Gender in the Early Years
20th October 2021
Gender is spoken about widely within society; gender equality is a protected characteristic within the Equality Act (2010) and a key concern. Gender equality concerns itself with the concept of stereotypes and what we deem as favourable for one gender or another when this should be challenged (United Nations Human Rights Office for the High Commissioner, 2021). Gender stereotypes are consistently challenged within modern society to challenge the 'old norm' and further progress for a more balanced societal system. Gender stereotypes can often be seen in our earliest education and children's opportunities within their early learning experiences.
Some concerns can be linked explicitly to gender stereotypes from an early age. One concern of promoting gender stereotypes is that children's confidence can be knocked. Children's self-esteem can become damaged when they want to use a resource, for example, that they are told is too 'girlie' for boys to play with (Ochman, 1996). This can negatively impact their holistic development, hindering the opportunities they are experiencing and their feelings about themselves which can have long-lasting implications for their futures. Likewise, further issues with gender stereotyping can include the 'gender pay gap' and the 'gender gap' in education (Culhane and Bazeley, 2019). The 'gender pay gap' acknowledges the more significant impact that stereotypes can have on the careers women adopt, often seen as care roles that are lower paid than other male-dominated careers such as engineering (Chambers et al., 2018). The 'gender gap' in education recognises that boys tend to underperform compared to girls in education within the UK (The Department of Children, Schools and Families, 2009). Similarly, gender stereotypes consequently lead to adults having poorer outcomes in life, including freedom of expression and the ability to do this constructively (UN Human Rights Office for the High Commissioner, 2021). A lack of educational opportunities due to stigmatised expectations of gender can consequently impact a child's ability to perceive equality and what this should look like, with some of the consequences including sexist views of one gender dominating the other (Ibid.)
Gender stereotypes can be presented unconsciously within a childcare environment. For example, in a recent study, 45% of people recognised they had experienced gender stereotyping up to the age of 7, leading them to behave in ways they were 'expected' to act (Culhane and Bazeley, 2019). However, practitioners can make a more conscious effort to create a more inclusive environment that combats gender stereotypes by being more aware of the language that we use around children. Furthermore, the language we can subconsciously use as practitioners can affect the language that children pick up on and use themselves or their choices. Consequently, these early choices children are supported to make can have more significant implications for their adult lives.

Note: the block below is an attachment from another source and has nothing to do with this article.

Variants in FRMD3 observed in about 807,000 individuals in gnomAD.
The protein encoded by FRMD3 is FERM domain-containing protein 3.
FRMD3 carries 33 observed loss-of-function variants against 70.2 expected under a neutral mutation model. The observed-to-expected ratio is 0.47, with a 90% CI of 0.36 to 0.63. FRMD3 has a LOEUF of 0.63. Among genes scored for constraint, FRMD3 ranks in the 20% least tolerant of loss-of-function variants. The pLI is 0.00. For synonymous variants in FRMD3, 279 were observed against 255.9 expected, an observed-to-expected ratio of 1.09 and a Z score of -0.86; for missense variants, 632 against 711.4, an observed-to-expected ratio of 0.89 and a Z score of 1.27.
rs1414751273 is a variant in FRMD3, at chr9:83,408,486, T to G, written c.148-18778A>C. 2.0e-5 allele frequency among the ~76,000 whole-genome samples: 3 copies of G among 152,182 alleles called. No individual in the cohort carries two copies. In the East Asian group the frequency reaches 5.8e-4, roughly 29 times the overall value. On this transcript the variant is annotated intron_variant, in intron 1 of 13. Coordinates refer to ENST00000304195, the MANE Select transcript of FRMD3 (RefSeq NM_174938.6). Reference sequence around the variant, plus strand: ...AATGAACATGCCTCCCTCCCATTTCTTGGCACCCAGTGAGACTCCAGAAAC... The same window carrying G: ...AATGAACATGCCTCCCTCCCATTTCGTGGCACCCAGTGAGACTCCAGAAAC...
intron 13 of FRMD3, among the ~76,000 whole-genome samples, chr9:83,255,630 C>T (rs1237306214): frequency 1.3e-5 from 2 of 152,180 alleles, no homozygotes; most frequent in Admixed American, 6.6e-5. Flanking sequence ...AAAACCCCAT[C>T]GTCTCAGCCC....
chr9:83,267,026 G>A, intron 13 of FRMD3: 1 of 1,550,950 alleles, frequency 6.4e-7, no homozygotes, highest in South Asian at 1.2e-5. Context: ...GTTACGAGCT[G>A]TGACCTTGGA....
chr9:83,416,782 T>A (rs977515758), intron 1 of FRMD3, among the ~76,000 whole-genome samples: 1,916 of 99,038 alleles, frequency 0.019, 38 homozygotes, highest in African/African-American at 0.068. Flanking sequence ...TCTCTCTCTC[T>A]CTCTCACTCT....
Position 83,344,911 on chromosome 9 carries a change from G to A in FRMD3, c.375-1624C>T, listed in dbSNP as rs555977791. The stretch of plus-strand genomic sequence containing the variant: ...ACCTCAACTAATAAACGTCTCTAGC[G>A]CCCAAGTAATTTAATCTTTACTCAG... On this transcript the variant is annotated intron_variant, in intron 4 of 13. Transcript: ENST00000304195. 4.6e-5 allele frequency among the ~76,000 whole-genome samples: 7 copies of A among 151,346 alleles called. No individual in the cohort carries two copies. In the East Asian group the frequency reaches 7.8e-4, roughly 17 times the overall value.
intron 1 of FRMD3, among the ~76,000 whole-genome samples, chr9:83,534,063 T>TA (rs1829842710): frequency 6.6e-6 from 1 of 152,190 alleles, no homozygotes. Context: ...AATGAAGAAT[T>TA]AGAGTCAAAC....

Interestingly, 7 in 10 younger women (18-34s) affected by stereotypes say their career choices were restricted due to the experiences they were encouraged to pursue when they were younger (Culhane and Bazeley, 2019). However, there are many ways that language can be readjusted and realigned to be more inclusive for all children to feel included and reach their full potential without language imposing limitations on their experiences. One strategy to overcome this could be to use gender-free terminology, realigning roles to all genders, such as 'fire fighters' rather than assigning this job title to a male. This ensures that all children become more confident in using this kind of language within their daily lives and will see this as a suitable job for all genders, rather than male dominant.
Recently, there has been a push in society to also get on board with challenging gender stereotypes in early childhood. A campaign called 'Let Toys be Toys' (2021) is a recent initiative that aims to challenge publishing and toy companies to stop limiting or preventing children from playing with a toy or reading a book because they are promoted and aimed at a specific gender. Since the launch of this initiative, 14 retailers have removed the gender branding in their stores that advertise toys suitable for boys or girls, allowing that bias to be removed for children and parents alike. Leading on from this, some other more minor things can be learnt and translated into a childcare setting. Being positive role models for children and encouraging them to think for themselves, pushing expected gender boundaries and 'breaking the mould' will allow children to become unique individuals who can reach their full potential.